In Spite of Lions
Anna Kensington is taking charge of her life, fleeing from her privileged but stifling Victorian-era existence. She books passage on the first available ship. While boarding, Anna meets the Livingstones and becomes their traveling companion. After 12 weeks at sea, they arrive in Africa. Anna volunteers to join the Livingstones’ missionary work, but Anna has lots to learn about survival. Despite her efforts, she has trouble being accepted by the Bakwena people. Soon, a drought strikes the village. Meanwhile, tensions rise between the Bakwena and the Boers. So, what can a woman who knows more about the queen’s fashion than the entire African continent do when the lives of her new family are in danger?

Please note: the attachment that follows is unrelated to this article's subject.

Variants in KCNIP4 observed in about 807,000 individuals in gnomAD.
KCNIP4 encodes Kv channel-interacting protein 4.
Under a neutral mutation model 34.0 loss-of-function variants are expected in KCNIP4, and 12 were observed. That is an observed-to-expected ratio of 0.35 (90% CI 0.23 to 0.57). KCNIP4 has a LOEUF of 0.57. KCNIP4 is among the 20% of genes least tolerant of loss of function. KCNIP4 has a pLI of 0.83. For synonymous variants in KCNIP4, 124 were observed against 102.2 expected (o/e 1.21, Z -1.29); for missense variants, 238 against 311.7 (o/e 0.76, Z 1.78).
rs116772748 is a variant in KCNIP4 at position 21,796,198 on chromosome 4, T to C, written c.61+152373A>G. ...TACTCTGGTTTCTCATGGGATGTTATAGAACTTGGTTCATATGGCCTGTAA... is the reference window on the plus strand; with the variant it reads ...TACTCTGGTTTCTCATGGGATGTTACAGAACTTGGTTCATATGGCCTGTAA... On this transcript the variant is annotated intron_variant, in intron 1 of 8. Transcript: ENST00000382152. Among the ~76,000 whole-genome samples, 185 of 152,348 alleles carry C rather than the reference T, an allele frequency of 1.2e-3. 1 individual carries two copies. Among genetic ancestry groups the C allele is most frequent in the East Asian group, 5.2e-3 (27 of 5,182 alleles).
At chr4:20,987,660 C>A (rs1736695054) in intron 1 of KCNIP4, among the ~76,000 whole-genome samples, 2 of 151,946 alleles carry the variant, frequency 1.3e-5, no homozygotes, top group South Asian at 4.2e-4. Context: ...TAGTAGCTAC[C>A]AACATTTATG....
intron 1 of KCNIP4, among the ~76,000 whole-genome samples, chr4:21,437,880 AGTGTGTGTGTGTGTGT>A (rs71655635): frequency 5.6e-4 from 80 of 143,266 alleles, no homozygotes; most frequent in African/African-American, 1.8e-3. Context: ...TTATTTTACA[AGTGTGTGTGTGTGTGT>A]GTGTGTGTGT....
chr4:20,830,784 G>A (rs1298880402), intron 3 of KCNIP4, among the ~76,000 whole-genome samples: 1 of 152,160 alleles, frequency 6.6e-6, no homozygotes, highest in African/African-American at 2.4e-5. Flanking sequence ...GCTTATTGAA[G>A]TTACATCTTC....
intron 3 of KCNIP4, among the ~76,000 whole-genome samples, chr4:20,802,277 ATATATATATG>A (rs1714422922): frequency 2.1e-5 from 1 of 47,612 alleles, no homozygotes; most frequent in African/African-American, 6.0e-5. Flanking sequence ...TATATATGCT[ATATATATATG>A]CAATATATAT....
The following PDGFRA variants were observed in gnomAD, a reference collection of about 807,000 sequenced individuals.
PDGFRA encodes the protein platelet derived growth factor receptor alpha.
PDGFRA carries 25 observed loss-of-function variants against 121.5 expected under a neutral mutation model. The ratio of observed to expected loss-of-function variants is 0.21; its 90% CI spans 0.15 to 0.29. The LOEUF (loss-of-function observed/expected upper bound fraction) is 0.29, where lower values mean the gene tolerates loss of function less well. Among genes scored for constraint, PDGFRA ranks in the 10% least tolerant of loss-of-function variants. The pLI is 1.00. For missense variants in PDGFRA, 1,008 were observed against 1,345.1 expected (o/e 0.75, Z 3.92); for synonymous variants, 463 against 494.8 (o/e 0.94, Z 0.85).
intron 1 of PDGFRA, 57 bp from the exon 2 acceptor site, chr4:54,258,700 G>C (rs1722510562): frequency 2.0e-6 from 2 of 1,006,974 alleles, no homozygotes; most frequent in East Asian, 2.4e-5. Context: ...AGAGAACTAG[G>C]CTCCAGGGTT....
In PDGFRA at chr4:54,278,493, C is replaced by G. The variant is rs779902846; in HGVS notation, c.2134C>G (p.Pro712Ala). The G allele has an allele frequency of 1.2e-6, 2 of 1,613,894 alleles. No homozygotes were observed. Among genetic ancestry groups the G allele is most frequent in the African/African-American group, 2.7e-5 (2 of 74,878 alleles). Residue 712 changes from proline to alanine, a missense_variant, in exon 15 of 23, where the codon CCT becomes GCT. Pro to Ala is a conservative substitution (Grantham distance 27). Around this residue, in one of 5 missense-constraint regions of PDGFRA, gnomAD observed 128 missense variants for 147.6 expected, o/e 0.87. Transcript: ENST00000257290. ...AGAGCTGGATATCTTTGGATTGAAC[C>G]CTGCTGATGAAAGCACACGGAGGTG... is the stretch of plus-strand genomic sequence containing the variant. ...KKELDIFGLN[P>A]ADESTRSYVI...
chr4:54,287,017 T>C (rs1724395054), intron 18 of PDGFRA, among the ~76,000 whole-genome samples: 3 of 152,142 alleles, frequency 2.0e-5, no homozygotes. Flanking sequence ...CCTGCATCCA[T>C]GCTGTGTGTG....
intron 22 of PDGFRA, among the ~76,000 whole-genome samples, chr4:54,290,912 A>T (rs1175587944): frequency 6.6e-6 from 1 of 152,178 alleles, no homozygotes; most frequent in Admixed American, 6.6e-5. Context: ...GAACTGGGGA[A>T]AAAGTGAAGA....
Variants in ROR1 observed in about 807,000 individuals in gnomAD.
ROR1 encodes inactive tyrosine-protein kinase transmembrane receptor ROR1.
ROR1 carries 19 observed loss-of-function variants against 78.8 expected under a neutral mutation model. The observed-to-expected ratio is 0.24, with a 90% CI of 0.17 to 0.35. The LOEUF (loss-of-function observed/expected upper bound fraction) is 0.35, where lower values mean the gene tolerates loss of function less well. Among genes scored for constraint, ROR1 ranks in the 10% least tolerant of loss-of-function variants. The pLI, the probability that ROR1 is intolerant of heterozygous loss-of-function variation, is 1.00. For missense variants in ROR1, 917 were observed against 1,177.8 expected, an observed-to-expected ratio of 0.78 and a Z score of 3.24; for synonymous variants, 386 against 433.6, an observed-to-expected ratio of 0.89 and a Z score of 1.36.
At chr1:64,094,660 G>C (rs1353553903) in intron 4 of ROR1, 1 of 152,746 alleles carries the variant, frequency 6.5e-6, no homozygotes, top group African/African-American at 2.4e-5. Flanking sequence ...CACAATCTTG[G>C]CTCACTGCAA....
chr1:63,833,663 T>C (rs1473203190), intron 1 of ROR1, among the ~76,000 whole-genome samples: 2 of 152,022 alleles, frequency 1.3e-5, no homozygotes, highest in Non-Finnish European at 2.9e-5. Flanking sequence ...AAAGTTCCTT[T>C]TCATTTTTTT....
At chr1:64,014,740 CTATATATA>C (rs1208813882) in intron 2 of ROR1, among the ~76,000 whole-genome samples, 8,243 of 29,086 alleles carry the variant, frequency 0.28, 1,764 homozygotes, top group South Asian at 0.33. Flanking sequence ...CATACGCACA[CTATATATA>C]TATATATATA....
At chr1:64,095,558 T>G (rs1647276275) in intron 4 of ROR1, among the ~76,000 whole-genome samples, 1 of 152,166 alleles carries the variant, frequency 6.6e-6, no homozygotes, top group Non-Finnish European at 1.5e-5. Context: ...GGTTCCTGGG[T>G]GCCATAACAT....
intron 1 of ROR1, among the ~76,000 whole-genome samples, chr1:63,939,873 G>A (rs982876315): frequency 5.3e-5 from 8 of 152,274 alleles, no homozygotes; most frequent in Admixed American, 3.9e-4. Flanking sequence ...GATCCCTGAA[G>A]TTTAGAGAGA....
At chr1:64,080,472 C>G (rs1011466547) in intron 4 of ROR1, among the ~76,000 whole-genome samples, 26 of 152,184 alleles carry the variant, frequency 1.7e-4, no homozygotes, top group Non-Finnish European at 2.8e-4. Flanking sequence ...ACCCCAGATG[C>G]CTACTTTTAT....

The author’s lyrical prose, arising from Anna’s hopes, fears, past wounds, and wonderment, kept me turning the pages. Pike fleshes out a unique setting that’s well described and offers up the unexpected. However, my favorite characters were the real-life secondary ones woven into the plot, especially Chief Sechele. Overall, In Spite of Lions is a beautifully narrated story about reclaiming one’s life, but it should be marketed as a series so reader expectations are met. I didn’t realize this was part of a series.